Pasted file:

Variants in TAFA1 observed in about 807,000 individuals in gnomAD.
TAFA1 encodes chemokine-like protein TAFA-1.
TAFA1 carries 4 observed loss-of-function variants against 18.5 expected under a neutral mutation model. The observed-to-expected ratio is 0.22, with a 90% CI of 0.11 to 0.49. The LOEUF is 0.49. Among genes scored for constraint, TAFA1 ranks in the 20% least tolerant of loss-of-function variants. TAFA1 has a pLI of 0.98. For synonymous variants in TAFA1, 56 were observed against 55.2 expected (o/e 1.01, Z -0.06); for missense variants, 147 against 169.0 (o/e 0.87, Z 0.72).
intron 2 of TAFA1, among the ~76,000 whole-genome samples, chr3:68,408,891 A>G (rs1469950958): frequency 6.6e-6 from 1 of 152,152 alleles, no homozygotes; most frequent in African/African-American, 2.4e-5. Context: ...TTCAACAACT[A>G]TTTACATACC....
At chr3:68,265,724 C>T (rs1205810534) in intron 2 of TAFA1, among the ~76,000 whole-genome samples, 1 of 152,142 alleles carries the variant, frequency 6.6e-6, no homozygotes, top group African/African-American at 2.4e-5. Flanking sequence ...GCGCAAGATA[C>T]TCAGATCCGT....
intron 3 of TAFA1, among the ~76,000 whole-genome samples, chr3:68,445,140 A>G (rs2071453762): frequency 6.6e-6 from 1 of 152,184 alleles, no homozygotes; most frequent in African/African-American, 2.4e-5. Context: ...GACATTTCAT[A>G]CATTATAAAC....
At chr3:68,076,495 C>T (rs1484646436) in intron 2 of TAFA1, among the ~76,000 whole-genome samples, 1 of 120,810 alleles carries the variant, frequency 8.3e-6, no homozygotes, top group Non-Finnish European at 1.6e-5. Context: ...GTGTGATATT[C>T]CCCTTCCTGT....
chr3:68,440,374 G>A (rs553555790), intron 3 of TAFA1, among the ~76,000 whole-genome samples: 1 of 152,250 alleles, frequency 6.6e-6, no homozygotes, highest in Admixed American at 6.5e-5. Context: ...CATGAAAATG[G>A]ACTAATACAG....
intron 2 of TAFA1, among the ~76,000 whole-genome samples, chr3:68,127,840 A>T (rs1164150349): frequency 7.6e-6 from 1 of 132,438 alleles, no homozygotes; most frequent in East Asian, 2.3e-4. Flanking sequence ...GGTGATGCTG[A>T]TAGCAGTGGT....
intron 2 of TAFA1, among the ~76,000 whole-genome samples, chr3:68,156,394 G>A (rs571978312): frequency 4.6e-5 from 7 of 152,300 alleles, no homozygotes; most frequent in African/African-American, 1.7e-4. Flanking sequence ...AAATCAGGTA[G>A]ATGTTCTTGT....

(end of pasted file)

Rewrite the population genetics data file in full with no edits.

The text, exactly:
Variants in TAFA1 observed in about 807,000 individuals in gnomAD.
TAFA1 encodes chemokine-like protein TAFA-1.
TAFA1 carries 4 observed loss-of-function variants against 18.5 expected under a neutral mutation model. The observed-to-expected ratio is 0.22, with a 90% CI of 0.11 to 0.49. The LOEUF is 0.49. Among genes scored for constraint, TAFA1 ranks in the 20% least tolerant of loss-of-function variants. TAFA1 has a pLI of 0.98. For synonymous variants in TAFA1, 56 were observed against 55.2 expected (o/e 1.01, Z -0.06); for missense variants, 147 against 169.0 (o/e 0.87, Z 0.72).
intron 2 of TAFA1, among the ~76,000 whole-genome samples, chr3:68,408,891 A>G (rs1469950958): frequency 6.6e-6 from 1 of 152,152 alleles, no homozygotes; most frequent in African/African-American, 2.4e-5. Context: ...TTCAACAACT[A>G]TTTACATACC....
At chr3:68,265,724 C>T (rs1205810534) in intron 2 of TAFA1, among the ~76,000 whole-genome samples, 1 of 152,142 alleles carries the variant, frequency 6.6e-6, no homozygotes, top group African/African-American at 2.4e-5. Flanking sequence ...GCGCAAGATA[C>T]TCAGATCCGT....
intron 3 of TAFA1, among the ~76,000 whole-genome samples, chr3:68,445,140 A>G (rs2071453762): frequency 6.6e-6 from 1 of 152,184 alleles, no homozygotes; most frequent in African/African-American, 2.4e-5. Context: ...GACATTTCAT[A>G]CATTATAAAC....
At chr3:68,076,495 C>T (rs1484646436) in intron 2 of TAFA1, among the ~76,000 whole-genome samples, 1 of 120,810 alleles carries the variant, frequency 8.3e-6, no homozygotes, top group Non-Finnish European at 1.6e-5. Context: ...GTGTGATATT[C>T]CCCTTCCTGT....
chr3:68,440,374 G>A (rs553555790), intron 3 of TAFA1, among the ~76,000 whole-genome samples: 1 of 152,250 alleles, frequency 6.6e-6, no homozygotes, highest in Admixed American at 6.5e-5. Context: ...CATGAAAATG[G>A]ACTAATACAG....
intron 2 of TAFA1, among the ~76,000 whole-genome samples, chr3:68,127,840 A>T (rs1164150349): frequency 7.6e-6 from 1 of 132,438 alleles, no homozygotes; most frequent in East Asian, 2.3e-4. Flanking sequence ...GGTGATGCTG[A>T]TAGCAGTGGT....
intron 2 of TAFA1, among the ~76,000 whole-genome samples, chr3:68,156,394 G>A (rs571978312): frequency 4.6e-5 from 7 of 152,300 alleles, no homozygotes; most frequent in African/African-American, 1.7e-4. Flanking sequence ...AAATCAGGTA[G>A]ATGTTCTTGT....